In his post outlining the coming future of displaying real-world content in a holographic display, Looking Glass Factory CEO Shawn Frayne pointed to one method as the most high-fidelity when it comes to capturing real-world scenes and people.
The process relies on setting up a rig to capture a given scene from several different angles, and it's important because it allows the capture of an entire scene rather than an single isolated subject. Unlike previously mentioned capture techniques, the images produced via light field capture go directly into a light field display, bypassing the step of digitally assembling a 3D mesh.
This technique does indeed result in incredibly high quality stills, but it can also be used to create lifelike holographic videos as well. Looking Glass Factory Co-Founder & CTO Alex Hornstein has been experimenting in this particular area for years, and we're excited about the impact his work will have on the very near future.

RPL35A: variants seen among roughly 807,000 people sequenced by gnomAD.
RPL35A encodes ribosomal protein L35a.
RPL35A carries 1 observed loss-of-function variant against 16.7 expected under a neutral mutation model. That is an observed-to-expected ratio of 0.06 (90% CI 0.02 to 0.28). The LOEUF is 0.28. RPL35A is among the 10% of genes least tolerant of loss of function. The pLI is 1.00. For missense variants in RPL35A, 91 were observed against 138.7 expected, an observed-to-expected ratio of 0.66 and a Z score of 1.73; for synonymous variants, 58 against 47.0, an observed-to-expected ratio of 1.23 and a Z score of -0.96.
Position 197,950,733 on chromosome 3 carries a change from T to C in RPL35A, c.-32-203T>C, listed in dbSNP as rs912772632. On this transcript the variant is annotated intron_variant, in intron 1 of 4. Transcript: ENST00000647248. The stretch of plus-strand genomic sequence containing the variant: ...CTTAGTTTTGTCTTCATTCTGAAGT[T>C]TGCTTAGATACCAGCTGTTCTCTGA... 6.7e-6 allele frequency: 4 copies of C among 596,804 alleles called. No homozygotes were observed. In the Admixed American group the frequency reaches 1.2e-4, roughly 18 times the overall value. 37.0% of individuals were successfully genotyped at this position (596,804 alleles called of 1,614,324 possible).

Our team at CES2020 were making light field captures of attendees to help folks achieve their unspoken goal of meeting the holographic version of themselves. More on that in another post :)
We're not the only ones working on this. Visby and Google are experimenting with light field capture rigs as well. The technology is emerging, but as more and more light field displays (AKA Looking Glasses) arrive to users, we expect to see more folks developing capture rigs of their own.
Putting it lightly, the future's looking pretty darn bright.
**this is part of our “100 Days of Holograms” series, where a few of us in the team at Looking Glass Factory post one new wonderful or weird (or both!) use for the Looking Glass holographic display being conjured around the world each day.